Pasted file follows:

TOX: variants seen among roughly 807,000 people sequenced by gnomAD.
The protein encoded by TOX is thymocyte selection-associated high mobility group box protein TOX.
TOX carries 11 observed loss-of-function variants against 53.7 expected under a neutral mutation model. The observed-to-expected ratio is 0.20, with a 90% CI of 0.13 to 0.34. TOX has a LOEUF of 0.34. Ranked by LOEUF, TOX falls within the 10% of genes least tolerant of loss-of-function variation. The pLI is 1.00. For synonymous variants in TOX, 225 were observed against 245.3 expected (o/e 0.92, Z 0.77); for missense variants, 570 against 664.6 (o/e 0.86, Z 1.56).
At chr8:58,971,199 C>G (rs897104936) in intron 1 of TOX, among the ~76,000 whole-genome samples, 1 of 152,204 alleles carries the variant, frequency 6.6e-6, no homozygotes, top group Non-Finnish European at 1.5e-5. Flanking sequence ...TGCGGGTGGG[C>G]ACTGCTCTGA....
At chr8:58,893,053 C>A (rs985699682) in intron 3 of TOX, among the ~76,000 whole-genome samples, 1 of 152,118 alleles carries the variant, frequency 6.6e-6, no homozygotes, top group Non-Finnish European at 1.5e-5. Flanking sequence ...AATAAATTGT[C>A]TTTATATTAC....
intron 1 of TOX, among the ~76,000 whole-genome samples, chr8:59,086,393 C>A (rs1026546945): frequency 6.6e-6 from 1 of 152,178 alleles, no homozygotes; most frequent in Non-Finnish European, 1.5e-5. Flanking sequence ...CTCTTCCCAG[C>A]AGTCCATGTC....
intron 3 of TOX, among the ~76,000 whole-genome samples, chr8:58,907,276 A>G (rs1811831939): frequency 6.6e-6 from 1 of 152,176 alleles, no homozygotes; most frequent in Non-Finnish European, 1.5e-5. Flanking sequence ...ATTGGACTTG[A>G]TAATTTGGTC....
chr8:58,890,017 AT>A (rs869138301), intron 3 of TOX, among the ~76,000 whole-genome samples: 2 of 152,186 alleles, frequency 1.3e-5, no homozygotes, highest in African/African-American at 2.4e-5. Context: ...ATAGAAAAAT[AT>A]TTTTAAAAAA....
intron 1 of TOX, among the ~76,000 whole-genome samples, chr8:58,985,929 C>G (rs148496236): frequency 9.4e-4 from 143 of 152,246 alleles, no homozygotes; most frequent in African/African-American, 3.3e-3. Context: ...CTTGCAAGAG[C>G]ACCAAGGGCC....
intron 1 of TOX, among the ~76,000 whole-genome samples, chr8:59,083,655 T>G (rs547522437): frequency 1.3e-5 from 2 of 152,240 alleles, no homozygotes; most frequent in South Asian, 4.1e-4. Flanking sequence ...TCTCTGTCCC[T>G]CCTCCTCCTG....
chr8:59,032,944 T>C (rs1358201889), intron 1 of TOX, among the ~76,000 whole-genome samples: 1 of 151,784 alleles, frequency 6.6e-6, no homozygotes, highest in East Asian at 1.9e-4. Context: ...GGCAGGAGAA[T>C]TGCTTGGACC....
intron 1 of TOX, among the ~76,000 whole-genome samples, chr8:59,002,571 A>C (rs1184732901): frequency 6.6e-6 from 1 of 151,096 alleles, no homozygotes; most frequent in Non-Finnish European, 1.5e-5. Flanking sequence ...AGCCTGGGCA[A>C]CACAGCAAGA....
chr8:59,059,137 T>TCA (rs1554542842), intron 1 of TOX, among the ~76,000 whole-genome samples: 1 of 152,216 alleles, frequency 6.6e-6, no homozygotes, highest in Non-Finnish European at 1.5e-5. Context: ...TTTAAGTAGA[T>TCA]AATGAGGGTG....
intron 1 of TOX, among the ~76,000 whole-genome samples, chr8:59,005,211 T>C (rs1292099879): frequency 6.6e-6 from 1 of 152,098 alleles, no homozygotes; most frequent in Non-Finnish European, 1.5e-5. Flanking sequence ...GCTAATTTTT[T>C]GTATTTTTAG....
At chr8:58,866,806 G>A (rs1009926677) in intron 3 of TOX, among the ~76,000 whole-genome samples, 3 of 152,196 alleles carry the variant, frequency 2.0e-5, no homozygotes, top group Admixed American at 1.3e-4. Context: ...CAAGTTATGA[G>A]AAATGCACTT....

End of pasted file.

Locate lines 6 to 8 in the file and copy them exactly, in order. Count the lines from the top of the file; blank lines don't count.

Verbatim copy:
intron 1 of TOX, among the ~76,000 whole-genome samples, chr8:59,086,393 C>A (rs1026546945): frequency 6.6e-6 from 1 of 152,178 alleles, no homozygotes; most frequent in Non-Finnish European, 1.5e-5. Flanking sequence ...CTCTTCCCAG[C>A]AGTCCATGTC....
intron 3 of TOX, among the ~76,000 whole-genome samples, chr8:58,907,276 A>G (rs1811831939): frequency 6.6e-6 from 1 of 152,176 alleles, no homozygotes; most frequent in Non-Finnish European, 1.5e-5. Flanking sequence ...ATTGGACTTG[A>G]TAATTTGGTC....
chr8:58,890,017 AT>A (rs869138301), intron 3 of TOX, among the ~76,000 whole-genome samples: 2 of 152,186 alleles, frequency 1.3e-5, no homozygotes, highest in African/African-American at 2.4e-5. Context: ...ATAGAAAAAT[AT>A]TTTTAAAAAA....